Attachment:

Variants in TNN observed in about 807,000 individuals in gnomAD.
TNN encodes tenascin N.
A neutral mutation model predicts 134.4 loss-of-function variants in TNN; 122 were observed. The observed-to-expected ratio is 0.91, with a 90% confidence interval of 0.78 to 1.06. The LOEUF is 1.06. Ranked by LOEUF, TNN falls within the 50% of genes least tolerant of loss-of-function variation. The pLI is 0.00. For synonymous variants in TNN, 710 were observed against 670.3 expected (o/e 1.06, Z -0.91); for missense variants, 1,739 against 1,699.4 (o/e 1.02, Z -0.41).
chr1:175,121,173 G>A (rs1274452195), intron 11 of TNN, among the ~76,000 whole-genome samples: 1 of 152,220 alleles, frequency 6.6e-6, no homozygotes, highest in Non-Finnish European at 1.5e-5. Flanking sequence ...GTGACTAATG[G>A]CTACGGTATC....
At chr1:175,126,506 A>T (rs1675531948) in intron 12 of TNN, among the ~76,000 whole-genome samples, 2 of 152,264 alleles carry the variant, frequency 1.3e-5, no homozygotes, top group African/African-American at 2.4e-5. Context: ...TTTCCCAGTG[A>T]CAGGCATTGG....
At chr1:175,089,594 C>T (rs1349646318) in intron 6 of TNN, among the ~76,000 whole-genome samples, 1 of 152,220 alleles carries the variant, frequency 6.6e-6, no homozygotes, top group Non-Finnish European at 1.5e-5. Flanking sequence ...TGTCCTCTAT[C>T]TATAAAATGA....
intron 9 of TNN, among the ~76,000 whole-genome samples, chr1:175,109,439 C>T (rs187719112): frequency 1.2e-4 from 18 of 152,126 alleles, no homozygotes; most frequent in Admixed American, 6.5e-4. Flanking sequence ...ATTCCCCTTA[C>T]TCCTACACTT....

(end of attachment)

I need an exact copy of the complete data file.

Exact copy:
Variants in TNN observed in about 807,000 individuals in gnomAD.
TNN encodes tenascin N.
A neutral mutation model predicts 134.4 loss-of-function variants in TNN; 122 were observed. The observed-to-expected ratio is 0.91, with a 90% confidence interval of 0.78 to 1.06. The LOEUF is 1.06. Ranked by LOEUF, TNN falls within the 50% of genes least tolerant of loss-of-function variation. The pLI is 0.00. For synonymous variants in TNN, 710 were observed against 670.3 expected (o/e 1.06, Z -0.91); for missense variants, 1,739 against 1,699.4 (o/e 1.02, Z -0.41).
chr1:175,121,173 G>A (rs1274452195), intron 11 of TNN, among the ~76,000 whole-genome samples: 1 of 152,220 alleles, frequency 6.6e-6, no homozygotes, highest in Non-Finnish European at 1.5e-5. Flanking sequence ...GTGACTAATG[G>A]CTACGGTATC....
At chr1:175,126,506 A>T (rs1675531948) in intron 12 of TNN, among the ~76,000 whole-genome samples, 2 of 152,264 alleles carry the variant, frequency 1.3e-5, no homozygotes, top group African/African-American at 2.4e-5. Context: ...TTTCCCAGTG[A>T]CAGGCATTGG....
At chr1:175,089,594 C>T (rs1349646318) in intron 6 of TNN, among the ~76,000 whole-genome samples, 1 of 152,220 alleles carries the variant, frequency 6.6e-6, no homozygotes, top group Non-Finnish European at 1.5e-5. Flanking sequence ...TGTCCTCTAT[C>T]TATAAAATGA....
intron 9 of TNN, among the ~76,000 whole-genome samples, chr1:175,109,439 C>T (rs187719112): frequency 1.2e-4 from 18 of 152,126 alleles, no homozygotes; most frequent in Admixed American, 6.5e-4. Flanking sequence ...ATTCCCCTTA[C>T]TCCTACACTT....